How to Develop Your Own Personal Style

You don’t wear crop tops but this one is so cute. You want to try it but what do you wear it with? How do you introduce new styles to your rotation of clothes when you don’t know how to style it or if it’ll suit you? Well, let me tell you a secret – you can make anything “suit” you as long as you have the right fit and quality.

Most of us all have the same two arms, two legs, torso and skeletal frame but it may be laid out differently from one woman to the next. What “suits” one woman seemingly may not “suit” the next but it’s more a matter of fit. Ill-fitting, badly made clothes can easily look unappealing but it’s usually not a result of the style but how it sits on your body. Different body shapes are better suited for different methods of styling – I don’t see them as rules you must follow but more like guidelines that can assist you if it’s something that concerns you. The way I see it is that your body is like an equation that needs to be balanced (I’m terrible at maths but this is one formula I can teach you!).

  1. Body Shape and Silhouette

Some body shapes seemingly suit every style but that’s not true – it’s just the way some women have found clothes to tailor to their body’s shape. Some women are particularly proportionate (I’m definitely not one of them) and so it’s easy to find clothing that suits them because everything is usually designed for a perfectly proportioned body. For those of us that aren’t as genetically blessed, there’s definitely ways to create the illusion and in turn, allow you to “suit” more styles.

For top heavy silhouettes with broader shoulders, designs that balance your shoulders will help to create the illusion of a less broad frame. That is, styles like halter tops and racer backs usually pull the focus of a garment to your neck and enlarge the appearance of your shoulders (something we don’t want!). Choose designs that are more balanced like spaghetti strap, sleeve or sleeveless tank styles. Symmetrical designs are best suited for broader shoulders. Pair this with something high-waisted like pants or a skirt (extra points for skirts that have a little flair to create more volume on your lower half of the body). High waisted garments create the illusion of longer limbs and a smaller waist and takes the emphasis off your shoulders and upper half.

If you have the opposite silhouette with a bottom/hip-heavy lower half and a more petite shoulder width, follow the opposite suggestions to the heavy silhouette looks and focus on halter, racer and off-shoulder looks and rather than doing high-waisted bottoms, try tighter/more form fitting pants. This will shift the balance of your silhouette to your upper half.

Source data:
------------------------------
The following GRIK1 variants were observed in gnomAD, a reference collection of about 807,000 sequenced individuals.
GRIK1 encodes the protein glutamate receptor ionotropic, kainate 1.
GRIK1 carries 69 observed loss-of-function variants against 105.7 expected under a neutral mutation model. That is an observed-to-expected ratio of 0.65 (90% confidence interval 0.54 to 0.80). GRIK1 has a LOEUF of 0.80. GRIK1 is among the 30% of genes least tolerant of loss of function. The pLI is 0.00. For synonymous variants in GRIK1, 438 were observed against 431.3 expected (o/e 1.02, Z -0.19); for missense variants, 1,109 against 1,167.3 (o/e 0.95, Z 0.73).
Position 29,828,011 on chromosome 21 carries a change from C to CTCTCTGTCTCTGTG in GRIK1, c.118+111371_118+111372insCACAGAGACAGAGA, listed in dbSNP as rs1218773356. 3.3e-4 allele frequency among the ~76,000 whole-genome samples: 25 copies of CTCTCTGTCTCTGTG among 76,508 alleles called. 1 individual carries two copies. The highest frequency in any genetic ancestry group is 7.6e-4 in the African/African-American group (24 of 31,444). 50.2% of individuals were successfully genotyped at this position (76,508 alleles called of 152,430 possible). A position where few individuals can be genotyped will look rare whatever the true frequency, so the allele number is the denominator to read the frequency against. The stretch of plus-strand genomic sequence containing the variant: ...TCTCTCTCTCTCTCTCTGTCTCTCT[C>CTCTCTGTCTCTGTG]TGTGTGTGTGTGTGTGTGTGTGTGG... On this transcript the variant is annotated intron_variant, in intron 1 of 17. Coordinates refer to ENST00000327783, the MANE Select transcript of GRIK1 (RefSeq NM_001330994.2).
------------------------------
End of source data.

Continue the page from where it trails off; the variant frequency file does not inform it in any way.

1. Trying Styles That You Don’t Usually Wear

I always implore my customers to try new styles and get out of their comfort zone because you never know how something will look on you until you try it! That cute crop top you’ve been eyeing but are too scared to try might end up being your favourite piece and the most flattering garment you own. How would you know until you give it a shot?

To try out something you’re not too familiar with, pair the new garment with items that you are more comfortable with wearing. For example, rather than jumping straight into a body-con skirt and crop top combination if you’re typically someone who prefers shift styles or less form-fitting designs, pair the crop with your favourite pair of high waisted jeans or culotte (flare) pants. Pairing styles you aren’t familiar with, with items that you wear regularly and find comfortable, is a great way to introduce new items to your wardrobe.

Rather than changing your entire look at once (which can result in you feeling self-conscious about your top and your bottom), try changing one aspect of your look at a time to test how it makes you feel. If you know your butt looks glorious in those jeans, you don’t need to worry about how it looks, you only need to think about your new top.

Layering and accessories are also a great way to take the focus off the new item until you’re more confident with making it a focus of your outfit. Worried about showing too much skin with the crop-top? That’s fine! Try wearing it with a loose cardigan or jacket. Are you usually a print-wearer and not used to more neutral colour schemes? Pair it with some statement accessories to add some glam!

  1. Fit, Fit, FIT!

I can’t stress this enough. Find the right fit!!! It’s worth it to go the extra mile to take clothes to be tailored if they aren’t the perfect fit especially when you’re purchasing timeless investment pieces. You can make pretty much anything suit you if you have clothes that fit you correctly and aren’t too tight nor too loose. There should be breathing room so you can move around and feel comfortable but you also shouldn’t feel like you’re drowning in fabric!

Most of my collection can be taken in through the side seams or the back darts to ensure a better fit at the waist, but clothes typically can’t be let out (made bigger) so if you’re unsure, go for a slightly larger size and tailor it back down.

Take the effort to hem pants, skirts or dresses that are just a bit too long. It makes all the difference in how your legs will appear and will assist in slimming and elongating them if the bottoms are the right length. A good rule of thumb for midi-length designs is to let the skirt or dress fall to just below your knee, roughly one to half a hand’s width down from the knee (put your hand under your knee so that your index finger sits under your knee cap, the skirt or dress should fall about halfway to the full way down your hand.


Do you have a particular style you want to try out but aren't sure how to? Do you have any other advice to share? Comment below and let me know what you think!



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